In today's world of financial engineering, investors are described in many ways, but very few include the word "responsible".
This type of investing goes beyond technical and fundamental investment techniques, and looks at the way a business behaves.
Some call it an investing strategy, but it really is more of a technique for choosing between different types of investments.
Social good includes things like:
Actually, SRI has been around for a while...more than 100 years. It was used by religious investors who wanted to steer clear of companies involved in tobacco, alcohol, and gambling.
It can make an investor feel that the profits they earn aren't at the expense of other people, the environment, etc.
Moreover, the way you define social good can have a huge impact on the availability of investments.
For example, an investor may choose to avoid tobacco companies because of tobacco's affects on human health. This investor would need to avoid companies such as Altria.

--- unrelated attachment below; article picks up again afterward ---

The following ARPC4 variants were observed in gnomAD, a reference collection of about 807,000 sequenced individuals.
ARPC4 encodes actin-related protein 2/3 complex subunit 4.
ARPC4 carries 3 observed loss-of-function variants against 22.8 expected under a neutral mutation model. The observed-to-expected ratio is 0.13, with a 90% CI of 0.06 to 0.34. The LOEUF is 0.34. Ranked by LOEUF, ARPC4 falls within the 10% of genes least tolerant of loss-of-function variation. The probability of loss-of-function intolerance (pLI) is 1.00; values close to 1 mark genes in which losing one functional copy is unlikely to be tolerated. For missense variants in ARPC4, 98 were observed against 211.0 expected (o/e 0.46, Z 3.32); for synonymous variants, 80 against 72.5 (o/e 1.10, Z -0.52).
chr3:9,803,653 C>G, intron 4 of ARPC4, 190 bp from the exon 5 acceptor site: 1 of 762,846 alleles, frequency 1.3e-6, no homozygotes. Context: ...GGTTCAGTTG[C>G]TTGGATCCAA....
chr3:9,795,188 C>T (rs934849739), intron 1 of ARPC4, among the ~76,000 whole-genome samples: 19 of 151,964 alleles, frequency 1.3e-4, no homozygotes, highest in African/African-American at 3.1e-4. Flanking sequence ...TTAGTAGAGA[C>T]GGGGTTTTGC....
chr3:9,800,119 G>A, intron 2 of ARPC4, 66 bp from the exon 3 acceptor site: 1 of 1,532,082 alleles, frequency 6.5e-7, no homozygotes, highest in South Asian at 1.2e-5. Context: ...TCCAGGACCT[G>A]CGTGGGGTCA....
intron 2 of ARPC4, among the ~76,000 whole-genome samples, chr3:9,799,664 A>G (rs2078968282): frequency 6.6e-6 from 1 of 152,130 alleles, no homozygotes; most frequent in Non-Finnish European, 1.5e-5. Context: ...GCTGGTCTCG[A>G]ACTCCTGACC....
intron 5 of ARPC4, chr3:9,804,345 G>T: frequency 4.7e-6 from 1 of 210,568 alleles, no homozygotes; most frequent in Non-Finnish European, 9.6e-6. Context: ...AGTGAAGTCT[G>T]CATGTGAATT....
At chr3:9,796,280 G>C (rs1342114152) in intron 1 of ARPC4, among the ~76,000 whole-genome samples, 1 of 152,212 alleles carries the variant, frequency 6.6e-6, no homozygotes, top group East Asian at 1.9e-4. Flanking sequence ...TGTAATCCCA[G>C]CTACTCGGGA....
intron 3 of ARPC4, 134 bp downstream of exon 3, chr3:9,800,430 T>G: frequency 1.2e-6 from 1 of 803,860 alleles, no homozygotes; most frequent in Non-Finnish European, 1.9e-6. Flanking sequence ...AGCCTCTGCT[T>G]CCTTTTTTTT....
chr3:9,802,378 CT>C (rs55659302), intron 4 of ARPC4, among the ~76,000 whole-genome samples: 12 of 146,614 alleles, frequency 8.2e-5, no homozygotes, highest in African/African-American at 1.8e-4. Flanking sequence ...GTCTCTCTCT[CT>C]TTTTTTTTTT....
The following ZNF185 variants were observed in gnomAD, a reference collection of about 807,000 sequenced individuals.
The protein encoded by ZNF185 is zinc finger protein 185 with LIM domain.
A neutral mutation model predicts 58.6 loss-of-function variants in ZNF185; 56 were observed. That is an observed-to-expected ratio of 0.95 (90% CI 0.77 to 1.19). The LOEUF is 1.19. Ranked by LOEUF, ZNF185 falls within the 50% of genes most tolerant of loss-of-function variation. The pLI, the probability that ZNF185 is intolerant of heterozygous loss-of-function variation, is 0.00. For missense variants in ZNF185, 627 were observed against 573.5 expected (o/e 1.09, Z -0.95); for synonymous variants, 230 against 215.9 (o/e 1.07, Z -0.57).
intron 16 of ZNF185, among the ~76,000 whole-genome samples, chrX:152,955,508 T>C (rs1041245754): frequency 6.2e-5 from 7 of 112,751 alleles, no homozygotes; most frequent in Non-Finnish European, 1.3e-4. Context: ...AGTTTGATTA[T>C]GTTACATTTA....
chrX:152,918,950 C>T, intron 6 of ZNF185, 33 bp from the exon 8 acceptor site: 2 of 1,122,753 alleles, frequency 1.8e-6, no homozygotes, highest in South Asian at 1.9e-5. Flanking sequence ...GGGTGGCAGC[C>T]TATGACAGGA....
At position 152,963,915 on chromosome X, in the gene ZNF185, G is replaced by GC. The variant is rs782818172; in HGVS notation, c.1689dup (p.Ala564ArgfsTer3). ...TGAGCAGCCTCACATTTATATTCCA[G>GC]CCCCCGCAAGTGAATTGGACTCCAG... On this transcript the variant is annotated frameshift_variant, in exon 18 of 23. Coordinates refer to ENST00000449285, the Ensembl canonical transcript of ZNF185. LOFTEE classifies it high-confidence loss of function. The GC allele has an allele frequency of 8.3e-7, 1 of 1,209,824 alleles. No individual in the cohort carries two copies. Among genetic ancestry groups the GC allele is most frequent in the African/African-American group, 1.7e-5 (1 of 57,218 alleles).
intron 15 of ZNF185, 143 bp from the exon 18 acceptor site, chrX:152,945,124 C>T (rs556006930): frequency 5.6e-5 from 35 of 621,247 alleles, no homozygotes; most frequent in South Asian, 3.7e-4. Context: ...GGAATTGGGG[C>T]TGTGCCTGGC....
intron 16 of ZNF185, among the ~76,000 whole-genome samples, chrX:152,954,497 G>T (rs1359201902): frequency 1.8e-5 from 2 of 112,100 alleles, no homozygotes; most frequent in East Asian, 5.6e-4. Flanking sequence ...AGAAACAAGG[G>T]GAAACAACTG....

Up until 2007, Altria also owned Kraft Foods. So Kraft Foods would not make the cut for someone defining social good in a very strict sense, even though it isn't directly involved in the production of tobacco products.
Alternatively, you can choose to let the professionals due the searching for you. According to the US Safe Investing Forum, in 2012 there were 333 U.S. mutual funds that consider environmental, social, and/or corporate governance criteria. And don't forget about ETFs (exchange traded funds).
Remember that SRI is just way of choosing between different types of investments. Approach it the same way as you would all the different ways of investing money.
Remember: Just because an investment is "socially responsible" doesn't mean it will give you a good return.